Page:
Though the riders will only have the choice between two slick compounds at each race, those compounds will change during the season, though Michelin was yet to make a final decision on which compounds would be used where. "We didn’t decide yet," Taramasso said. "We are still testing, so we need to go in Phillip Island, we need to go in Silverstone, need to go in several tracks we didn’t test. So we have to go there and then we will decide."
The ideal would be to have just a single specification everywhere, but that would clearly be impossible, Taramasso told us. They would strive to have as few as possible, however. "I guess probably to give you an idea three, four front and five, six rear," he said. The construction and profile of the tires would be the same, the only thing that would change would be the compound.
As for intermediate tires, there would only be a single specification used, which would be good enough to be used everywhere. Wet tires would have two different compounds, a soft and a hard, but with the same tread pattern.
Was Michelin still on schedule to be ready for the start of 2016? "The weather didn’t help," Taramasso admitted. "We are following the plan, even if we had no help from the weather. But at this moment we say we are still in the plan. Because rear construction is almost fixed, front and the rear profile are fixed already, so just we need to tune the compounds for some race track that we didn’t test. And we’re still working on the front, so we still have a couple of months to work, a few tests to do."
Fixing the front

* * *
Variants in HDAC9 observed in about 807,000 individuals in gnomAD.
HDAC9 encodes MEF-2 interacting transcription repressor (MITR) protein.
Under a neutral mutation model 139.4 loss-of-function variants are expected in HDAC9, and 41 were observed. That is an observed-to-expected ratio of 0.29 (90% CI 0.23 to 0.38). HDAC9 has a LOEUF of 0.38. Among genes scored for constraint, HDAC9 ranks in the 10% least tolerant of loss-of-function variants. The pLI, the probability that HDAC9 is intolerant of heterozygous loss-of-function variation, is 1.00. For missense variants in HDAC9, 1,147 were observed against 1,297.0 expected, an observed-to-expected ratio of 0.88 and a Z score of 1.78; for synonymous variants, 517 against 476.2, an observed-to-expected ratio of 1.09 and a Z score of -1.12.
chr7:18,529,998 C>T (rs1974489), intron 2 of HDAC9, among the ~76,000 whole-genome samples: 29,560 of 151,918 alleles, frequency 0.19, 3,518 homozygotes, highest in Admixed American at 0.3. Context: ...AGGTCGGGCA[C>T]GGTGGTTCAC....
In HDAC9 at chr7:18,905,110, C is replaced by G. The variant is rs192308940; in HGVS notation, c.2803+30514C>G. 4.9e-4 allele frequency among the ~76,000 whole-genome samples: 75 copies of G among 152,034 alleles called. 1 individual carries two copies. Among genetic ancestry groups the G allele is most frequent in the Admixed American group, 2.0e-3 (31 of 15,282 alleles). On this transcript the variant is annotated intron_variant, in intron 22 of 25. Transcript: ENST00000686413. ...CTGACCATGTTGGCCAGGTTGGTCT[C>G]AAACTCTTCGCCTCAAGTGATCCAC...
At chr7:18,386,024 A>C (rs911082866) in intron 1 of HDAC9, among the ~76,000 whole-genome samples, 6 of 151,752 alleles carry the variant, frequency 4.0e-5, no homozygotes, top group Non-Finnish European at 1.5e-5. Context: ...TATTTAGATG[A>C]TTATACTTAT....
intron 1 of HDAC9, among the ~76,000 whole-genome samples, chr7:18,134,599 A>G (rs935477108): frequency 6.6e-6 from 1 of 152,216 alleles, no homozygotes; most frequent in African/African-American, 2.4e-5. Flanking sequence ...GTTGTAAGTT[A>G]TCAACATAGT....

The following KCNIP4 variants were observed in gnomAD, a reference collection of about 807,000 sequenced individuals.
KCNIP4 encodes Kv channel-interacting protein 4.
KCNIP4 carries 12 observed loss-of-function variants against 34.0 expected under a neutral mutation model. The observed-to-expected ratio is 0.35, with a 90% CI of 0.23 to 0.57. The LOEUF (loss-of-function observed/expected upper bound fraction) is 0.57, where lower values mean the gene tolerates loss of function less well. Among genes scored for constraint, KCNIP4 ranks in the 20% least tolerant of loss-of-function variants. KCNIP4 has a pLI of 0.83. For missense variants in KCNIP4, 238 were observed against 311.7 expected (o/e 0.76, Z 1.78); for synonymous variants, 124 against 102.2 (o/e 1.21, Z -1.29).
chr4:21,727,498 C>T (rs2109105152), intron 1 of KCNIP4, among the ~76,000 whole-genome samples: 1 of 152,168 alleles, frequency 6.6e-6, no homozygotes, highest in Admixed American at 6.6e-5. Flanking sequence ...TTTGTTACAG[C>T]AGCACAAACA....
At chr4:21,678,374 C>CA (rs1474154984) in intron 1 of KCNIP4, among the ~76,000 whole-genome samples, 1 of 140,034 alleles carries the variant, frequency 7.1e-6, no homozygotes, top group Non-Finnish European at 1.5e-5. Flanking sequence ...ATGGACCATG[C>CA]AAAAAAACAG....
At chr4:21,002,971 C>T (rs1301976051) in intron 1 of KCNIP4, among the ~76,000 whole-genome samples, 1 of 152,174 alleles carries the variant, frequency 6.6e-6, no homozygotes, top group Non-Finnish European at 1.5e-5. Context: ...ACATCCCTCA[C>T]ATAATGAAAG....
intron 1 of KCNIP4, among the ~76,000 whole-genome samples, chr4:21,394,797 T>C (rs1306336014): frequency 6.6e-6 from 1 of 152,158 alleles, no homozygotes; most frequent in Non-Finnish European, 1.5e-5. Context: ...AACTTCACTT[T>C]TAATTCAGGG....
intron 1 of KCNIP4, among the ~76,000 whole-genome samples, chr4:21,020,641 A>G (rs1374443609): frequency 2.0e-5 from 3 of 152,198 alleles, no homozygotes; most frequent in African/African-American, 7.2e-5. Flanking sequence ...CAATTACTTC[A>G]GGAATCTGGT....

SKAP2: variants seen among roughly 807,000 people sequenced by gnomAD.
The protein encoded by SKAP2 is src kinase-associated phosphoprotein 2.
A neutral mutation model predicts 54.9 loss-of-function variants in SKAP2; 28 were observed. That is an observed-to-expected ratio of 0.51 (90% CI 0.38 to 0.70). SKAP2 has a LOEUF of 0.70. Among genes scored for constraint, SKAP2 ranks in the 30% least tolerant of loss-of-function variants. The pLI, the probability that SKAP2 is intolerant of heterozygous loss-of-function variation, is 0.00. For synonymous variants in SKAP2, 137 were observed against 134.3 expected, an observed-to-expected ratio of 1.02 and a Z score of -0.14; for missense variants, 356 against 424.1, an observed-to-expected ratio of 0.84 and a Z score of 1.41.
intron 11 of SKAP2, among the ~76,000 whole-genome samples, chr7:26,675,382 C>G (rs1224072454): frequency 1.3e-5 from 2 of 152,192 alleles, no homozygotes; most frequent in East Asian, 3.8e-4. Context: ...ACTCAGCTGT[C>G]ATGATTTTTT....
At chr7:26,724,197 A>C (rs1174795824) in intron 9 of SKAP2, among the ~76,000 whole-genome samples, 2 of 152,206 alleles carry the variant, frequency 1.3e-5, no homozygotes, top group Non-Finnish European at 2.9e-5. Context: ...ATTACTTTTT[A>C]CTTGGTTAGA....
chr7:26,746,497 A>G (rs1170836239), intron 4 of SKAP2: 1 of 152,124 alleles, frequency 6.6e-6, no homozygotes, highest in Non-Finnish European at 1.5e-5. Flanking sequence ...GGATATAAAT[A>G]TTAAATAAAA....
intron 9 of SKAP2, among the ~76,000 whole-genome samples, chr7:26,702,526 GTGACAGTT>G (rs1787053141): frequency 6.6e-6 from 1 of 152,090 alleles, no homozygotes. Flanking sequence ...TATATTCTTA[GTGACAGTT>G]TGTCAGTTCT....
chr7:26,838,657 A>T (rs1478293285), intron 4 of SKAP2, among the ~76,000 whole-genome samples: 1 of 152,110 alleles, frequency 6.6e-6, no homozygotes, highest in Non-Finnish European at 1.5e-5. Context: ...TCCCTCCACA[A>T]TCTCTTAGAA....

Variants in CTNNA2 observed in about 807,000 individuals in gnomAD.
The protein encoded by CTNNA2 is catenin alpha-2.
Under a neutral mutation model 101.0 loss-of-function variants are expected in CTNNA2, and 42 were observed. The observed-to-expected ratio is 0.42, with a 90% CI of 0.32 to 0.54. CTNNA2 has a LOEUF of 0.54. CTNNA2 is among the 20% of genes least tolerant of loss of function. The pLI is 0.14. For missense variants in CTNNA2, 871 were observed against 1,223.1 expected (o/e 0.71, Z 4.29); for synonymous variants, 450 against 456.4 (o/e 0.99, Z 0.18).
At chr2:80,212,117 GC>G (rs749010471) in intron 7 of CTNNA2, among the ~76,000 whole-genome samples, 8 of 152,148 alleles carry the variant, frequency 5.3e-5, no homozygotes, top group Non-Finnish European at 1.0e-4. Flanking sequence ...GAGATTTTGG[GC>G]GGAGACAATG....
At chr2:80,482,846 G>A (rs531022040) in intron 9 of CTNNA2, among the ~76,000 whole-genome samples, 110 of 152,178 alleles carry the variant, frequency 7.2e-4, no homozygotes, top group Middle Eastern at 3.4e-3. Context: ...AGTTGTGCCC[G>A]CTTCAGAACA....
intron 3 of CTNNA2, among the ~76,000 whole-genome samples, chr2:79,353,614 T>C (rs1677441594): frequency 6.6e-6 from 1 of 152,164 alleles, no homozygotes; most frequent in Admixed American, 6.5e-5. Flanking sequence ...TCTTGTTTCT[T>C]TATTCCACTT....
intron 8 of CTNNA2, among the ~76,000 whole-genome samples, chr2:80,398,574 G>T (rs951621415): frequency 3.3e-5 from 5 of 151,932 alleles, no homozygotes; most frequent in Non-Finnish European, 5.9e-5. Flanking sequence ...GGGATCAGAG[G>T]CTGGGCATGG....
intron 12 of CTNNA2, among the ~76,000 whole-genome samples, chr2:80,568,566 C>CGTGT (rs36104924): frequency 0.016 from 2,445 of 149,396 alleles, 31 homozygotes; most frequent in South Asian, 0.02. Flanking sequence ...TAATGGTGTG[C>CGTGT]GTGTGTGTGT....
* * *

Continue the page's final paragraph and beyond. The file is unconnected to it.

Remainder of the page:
One of the biggest complaints at both the Sepang and the Mugello tests was that Michelin's front tire was not up to coping with the extra loads being generated by the exceptional grip at the rear. It was pushing the front, and causing a number of crashes, the front washing out. Michelin has done a lot of work since then on improving the front tire, and this had been one area they had been hoping to test. "The rear tire, the grip is good. It’s easy, very good," Taramasso told us. "That’s why the performance, the lap time is more than acceptable I will say."
But Michelin had seen some problems, Taramasso admitted, but these were being adressed. "We had some problem, I would say it’s the balance about the front and the rear grip," he said. "Right now it looks like it’s going better and better and there’s two reasons. One reason is because we worked on the tire, we improved the front tire from Sepang to Mugello. Official riders, they told us we made improvement in the right direction, so that helps. Also the teams now they start to understand how our tire is working. So the setting, every time we test with them the setting is always better and better. The rider also they understand how to use it versus different tire, so you have to ride differently. Everything you put together, the rider, the setting, technology improvements, so everything is going in the right direction. And all the balance, grip front and rear balance is much better."
This change in set up would be crucial for the future, but it is something which the teams will only really start to focus on once this season is over. "After November, after the testing in Valencia, I’m sure that the teams will move the setting in the right way towards the Michelin, how our tires are suited," Taramasso said. The current testing schedule had not helped. "What didn’t help was that we do every time a one day test. So like you say, the teams they arrive, so the bike setting for the current tire supplier [Bridgestone - DE]. Just in one day you cannot do setting, tire test, long run. So what we do is just a few laps, do the best thing on the bike and then test, test, test. But of course it’s not the optimum condition."